Bhagavanth Kesari stars Nandamuri Balakrishna in a new avatar. Read this review to find out if the film lived up to the hype created or not
Nandamuri Balakrishna in and as 'Bhagavanth Kesari'
The film starts in Adilabad, Telangana. Bhagavanth Kesari (Balakrishna) is a senior citizen with idealistic choices. He is the guardian of a young girl named Vijji (Sreeleela) and keeps training her to join the army. On the other hand, Rahul Sanghvi (Arjun Rampal) is a rich and corrupt businessman who wants to be the numero uno in his field. One fine day, Vijji gets connected to his crime world, and hell breaks loose. Who is Vijji? What is her past? Why did she engage with Rahul Sanghvi? And is Bhagavanth Kesari behind all this? To know the answers, you need to watch the film on the big screen.
Bhagavanth Kesari is a film that presents Balakrishna in a new avatar. After a long gap, he plays his age, which suits his current image perfectly. Director Anil Ravipudi has showcased Balakrishna in such a way that the star hero plays a character and yet pleases his fans with his powerful avatar in the flashback episodes.
If you look at the story, there is nothing new that has been showcased here. A rich villain going after an innocent girl and her guardian having a past with him has been showcased in many films earlier. The only difference here is the presentation, which showcases Balakrishna and Sreeleela in completely contrasting roles from what they generally do.
The entire first half is used as a training ground for Sreeleela and shows why Balayya is so adamant that Sreeleela joins the army. To make things light, Kajal is brought in as a psychologist, and this brings a bit of relief. Though the comedy is not of Anil Ravipudi's mark, the combo scenes between Kajal and Balayya are just about okay.
Things get interesting only in the pre-interval once Balakrishna gets into his mass avatar. From there, Bhagavanth Kesari moves at a fast pace, and the fight between Balakrishna and Arjun Rampal makes some sense. The best aspect of Bhagavanth Kesari is that Balakrishna does not go overboard with his fights, dialogue delivery, and body language.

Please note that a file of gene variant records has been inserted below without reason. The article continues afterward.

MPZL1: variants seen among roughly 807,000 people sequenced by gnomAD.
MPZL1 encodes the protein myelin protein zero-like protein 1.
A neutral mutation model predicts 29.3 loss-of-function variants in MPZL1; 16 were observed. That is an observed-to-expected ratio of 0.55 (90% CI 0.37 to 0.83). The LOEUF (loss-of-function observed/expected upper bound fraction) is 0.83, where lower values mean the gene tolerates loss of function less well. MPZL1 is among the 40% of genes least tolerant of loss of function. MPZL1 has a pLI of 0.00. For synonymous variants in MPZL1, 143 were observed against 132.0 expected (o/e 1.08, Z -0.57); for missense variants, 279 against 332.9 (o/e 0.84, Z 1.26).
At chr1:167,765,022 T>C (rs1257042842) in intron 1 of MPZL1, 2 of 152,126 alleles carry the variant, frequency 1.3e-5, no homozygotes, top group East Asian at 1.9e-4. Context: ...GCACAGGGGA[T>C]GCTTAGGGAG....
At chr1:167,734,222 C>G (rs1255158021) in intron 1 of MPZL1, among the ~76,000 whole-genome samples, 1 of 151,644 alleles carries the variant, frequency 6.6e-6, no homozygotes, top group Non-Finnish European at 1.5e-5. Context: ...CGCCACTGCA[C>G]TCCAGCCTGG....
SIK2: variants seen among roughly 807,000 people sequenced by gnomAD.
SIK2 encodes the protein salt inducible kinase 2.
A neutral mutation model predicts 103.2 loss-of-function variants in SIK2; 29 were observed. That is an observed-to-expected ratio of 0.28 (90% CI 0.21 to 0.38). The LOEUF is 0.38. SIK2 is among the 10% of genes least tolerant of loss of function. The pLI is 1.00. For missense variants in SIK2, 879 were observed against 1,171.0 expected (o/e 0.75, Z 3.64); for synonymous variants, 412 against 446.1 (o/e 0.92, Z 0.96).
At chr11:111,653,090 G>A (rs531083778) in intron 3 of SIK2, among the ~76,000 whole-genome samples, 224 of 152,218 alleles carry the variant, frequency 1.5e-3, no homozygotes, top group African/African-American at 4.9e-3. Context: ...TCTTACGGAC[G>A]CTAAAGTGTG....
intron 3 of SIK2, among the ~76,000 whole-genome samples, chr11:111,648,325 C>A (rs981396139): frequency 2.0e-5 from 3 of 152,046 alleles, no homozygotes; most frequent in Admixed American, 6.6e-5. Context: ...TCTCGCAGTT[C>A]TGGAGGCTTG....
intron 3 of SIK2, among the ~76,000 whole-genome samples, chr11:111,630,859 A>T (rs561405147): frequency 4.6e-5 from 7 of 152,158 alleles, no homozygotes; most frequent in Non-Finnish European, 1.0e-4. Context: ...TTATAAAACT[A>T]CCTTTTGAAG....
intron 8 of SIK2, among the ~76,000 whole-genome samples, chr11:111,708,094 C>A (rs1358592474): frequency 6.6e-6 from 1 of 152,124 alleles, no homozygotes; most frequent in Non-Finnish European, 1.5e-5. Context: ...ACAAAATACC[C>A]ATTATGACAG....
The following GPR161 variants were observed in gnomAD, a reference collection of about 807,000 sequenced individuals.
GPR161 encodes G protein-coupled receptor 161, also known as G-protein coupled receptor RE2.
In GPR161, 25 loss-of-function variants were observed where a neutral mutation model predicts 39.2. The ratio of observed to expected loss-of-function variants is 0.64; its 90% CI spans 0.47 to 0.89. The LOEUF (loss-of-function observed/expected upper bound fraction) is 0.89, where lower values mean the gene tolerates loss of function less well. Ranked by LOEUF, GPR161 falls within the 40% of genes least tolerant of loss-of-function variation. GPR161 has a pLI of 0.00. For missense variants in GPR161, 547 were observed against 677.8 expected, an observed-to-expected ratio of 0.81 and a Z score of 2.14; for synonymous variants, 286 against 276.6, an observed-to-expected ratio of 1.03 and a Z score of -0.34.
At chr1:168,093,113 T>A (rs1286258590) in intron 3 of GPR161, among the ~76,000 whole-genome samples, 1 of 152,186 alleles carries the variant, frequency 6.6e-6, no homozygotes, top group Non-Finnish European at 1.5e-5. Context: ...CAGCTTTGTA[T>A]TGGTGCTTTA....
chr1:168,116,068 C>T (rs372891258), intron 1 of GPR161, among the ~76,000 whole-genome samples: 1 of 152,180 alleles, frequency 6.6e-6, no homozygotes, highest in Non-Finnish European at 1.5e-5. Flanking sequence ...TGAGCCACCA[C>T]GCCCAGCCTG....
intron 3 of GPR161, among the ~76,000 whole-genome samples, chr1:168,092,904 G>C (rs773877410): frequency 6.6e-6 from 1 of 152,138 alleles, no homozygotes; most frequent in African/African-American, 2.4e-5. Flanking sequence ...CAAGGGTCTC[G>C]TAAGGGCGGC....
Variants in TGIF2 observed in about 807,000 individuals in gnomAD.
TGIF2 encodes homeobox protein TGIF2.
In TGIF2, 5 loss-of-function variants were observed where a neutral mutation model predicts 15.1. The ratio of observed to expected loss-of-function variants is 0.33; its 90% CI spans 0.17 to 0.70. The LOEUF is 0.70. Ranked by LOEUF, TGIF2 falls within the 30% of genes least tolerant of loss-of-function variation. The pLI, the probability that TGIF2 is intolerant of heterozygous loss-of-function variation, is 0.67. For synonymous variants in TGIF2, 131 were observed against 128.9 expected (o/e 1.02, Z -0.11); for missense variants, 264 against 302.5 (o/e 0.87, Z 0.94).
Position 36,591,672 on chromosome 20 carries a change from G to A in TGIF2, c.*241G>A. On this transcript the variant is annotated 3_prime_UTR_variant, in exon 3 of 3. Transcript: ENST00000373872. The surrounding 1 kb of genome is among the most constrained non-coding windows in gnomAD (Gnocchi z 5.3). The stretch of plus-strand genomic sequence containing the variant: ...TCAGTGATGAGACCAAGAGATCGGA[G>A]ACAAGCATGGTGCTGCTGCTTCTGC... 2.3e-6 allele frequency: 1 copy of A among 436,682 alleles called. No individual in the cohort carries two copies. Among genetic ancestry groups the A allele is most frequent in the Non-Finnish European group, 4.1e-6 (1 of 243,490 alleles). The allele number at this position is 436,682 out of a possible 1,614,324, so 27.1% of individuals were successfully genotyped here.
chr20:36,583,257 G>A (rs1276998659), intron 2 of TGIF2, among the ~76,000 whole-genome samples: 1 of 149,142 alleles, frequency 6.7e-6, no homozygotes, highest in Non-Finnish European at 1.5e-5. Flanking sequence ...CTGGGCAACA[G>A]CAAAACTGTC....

As the makers kept saying, the star hero is indeed seen in a new avatar. He showcases two variations in his roles, and all the scenes with Sreeleela are executed on a decent note. Arjun Rampal makes a solid Tollywood entry and suits his role of Rahul Sanghvi perfectly. His look and dialogue delivery are amazing, but his character arc is not that great in the second half of the film.
Kajal was decent for her role, and Sreeleela is the life and soul of the film. She dances, emotes, and also does action in a superb way. In this film, Sreeleela also showcases that she can also act in serious performance-oriented roles. The supporting cast of the film was also decent in their roles. Thaman has composed the music, and the songs are just about okay. But the BGM creates an impact and elevates the scenes.
The production values are amazing, and the visuals look rich. The dialogues are decent, and the ones written related to a scene where Balakrishna teaches school kids about bad touch were superb. Right from the beginning, the makers have been saying that Bhagavanth Kesari will showcase Balakrishna like never before, which it does, but the story, backdrop, and narration are routine and old-school.
On the whole, Bhagavanth Kesari showcases Balakrishna like never before. The star hero plays his age and explodes when it is needed. But the story and backdrop are routine and do not showcase anything new. But director Anil Ravipudi has made sure that the emotions are conveyed properly, making this film a passable watch for the fans.